Mapping the connections inside Russia’s APT Ecosystem


If the names Turla, Sofacy, and APT29 strike fear into your heart, you are not alone. These are known to be some of the most advanced, sophisticated and notorious APT groups out there – and not in vain. These Russian-attributed actors are part of a bigger picture in which Russia is one of the strongest powers in the cyber warfare today. Their advanced tools, unique approaches, and solid infrastructures suggest enormous and complicated operations that involve different military and government entities inside Russia. 

Russia is known to conduct a wide range of cyber espionage and sabotage operations for the last three decades. Beginning with the first publicly known attacks by Moonlight Maze, in 1996, going through the Pentagon breach in 2008, Blacking out Kyiv in 2016, Hacking the US Elections in 2016, and up to some of the largest most infamous cyberattacks in history – targeting a whole country with NotPetya ransomware.

Indeed, numerous Russian operations and malware families were publicly exposed by different security vendors and intelligence organizations such as the FBI and the Estonian Foreign Intelligence Services. While all of these shed light on specific Russian actors or operations, the bigger picture remains hazy.

The fog behind these complicated operations made us realize that while we know a lot about single actors, we are short of seeing a whole ecosystem with actor interaction (or lack thereof) and particular TTPs that can be viewed in a larger scope. We decided to know more and to look at things from a broader perspective. This led us to gather, classify and analyze thousands of Russian APT malware samples in order to find connections – not only between samples but also between different families and actors. 

During this research, we analyzed approximately 2,000 samples that were attributed to Russia and found 22,000 connections between the samples and 3.85 million non-unique pieces of code that were shared. We classified these samples into 60 families and 200 different modules.


Deobfuscating APT32 Flow Graphs with Cutter and Radare2


The Ocean Lotus group, also known as APT32, is a threat actor which has been known to target East Asian countries such as Vietnam, Laos and the Philippines. The group strongly focuses on Vietnam, especially private sector companies that are investing in a wide variety of industrial sectors in the country. While private sector companies are the group’s main targets, APT32 has also been known to target foreign governments, dissidents, activists, and journalists.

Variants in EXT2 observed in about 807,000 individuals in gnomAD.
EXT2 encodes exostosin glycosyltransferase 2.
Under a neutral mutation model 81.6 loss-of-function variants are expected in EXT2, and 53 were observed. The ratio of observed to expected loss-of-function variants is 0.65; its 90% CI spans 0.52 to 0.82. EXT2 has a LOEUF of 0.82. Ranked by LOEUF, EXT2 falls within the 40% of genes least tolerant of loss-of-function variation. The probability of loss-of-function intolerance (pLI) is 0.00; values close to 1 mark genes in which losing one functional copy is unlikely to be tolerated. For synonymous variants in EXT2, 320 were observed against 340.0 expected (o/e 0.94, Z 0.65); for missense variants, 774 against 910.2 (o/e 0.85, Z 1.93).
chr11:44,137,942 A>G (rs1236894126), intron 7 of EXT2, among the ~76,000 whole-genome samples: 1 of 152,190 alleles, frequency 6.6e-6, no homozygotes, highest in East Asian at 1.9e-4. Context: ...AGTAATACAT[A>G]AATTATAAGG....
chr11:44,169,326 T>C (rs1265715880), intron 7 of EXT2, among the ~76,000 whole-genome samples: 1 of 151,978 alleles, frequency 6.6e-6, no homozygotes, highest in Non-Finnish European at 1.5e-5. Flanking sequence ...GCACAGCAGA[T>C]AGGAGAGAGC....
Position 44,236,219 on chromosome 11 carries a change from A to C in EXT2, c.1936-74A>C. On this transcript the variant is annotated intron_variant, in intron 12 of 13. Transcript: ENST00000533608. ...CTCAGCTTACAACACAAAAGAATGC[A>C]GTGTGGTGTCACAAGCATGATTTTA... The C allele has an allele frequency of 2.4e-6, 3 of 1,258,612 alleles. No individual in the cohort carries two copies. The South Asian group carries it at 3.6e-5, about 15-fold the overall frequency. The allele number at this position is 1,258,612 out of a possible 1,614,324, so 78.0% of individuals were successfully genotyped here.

APT32’s toolset is wide and varied. It contains both advanced and simple components; it is a mixture of handcrafted tools and commercial or open-source ones, such as Mimikatz and Cobalt Strike. It runs the gamut from droppers, shellcode snippets, through decoy documents and backdoors. Many of these tools are highly obfuscated and seasoned, augmented with different techniques to make them harder to reverse-engineer.

In this article, we get up and close with one of these obfuscation techniques. This specific technique was used in a backdoor of Ocean Lotus’ tool collection. We’ll describe the technique and the difficulty it presents to analysts — and then show how bypassing this kind of technique is a matter of writing a simple script, as long as you know what you are doing.


The Evolution of BackSwap


The BackSwap banker has been in the spotlight recently due to its unique and innovative techniques to steal money from victims while staying under the radar and remaining undetected. This malware was previously spotted targeting banks in Poland but has since moved entirely to focus on banks in Spain. The techniques used by it were thoroughly described by our fellow researchers at the Polish CERT and Michal Poslusny from ESET, who revealed and coined the malware’s name earlier this year. However after witnessing ongoing  improvements to its malicious techniques we decided to share this information to the wider research community.

In the following research paper, we will focus on the evolution of BackSwap, its uniqueness, successes, and even failures. We will try to give an overview of the malware’s different versions and campaigns, while outlining its techniques, some of which were proven inefficient and dropped soon after their release by the developers. We will also share a detailed table of IOC and a Python3 script used to extract relevant information from BackSwap’s samples.

This research was done and published by me on Check Point Research Blog


CONFidence Teaser CTF – Hidden Flag


During CONFidence Teaser CTF, one specific task caught my interest. Not because it was hard or complicated – it wasn’t, but because the concept behind it was interesting and relevant to my day-to-day work as a malware researcher.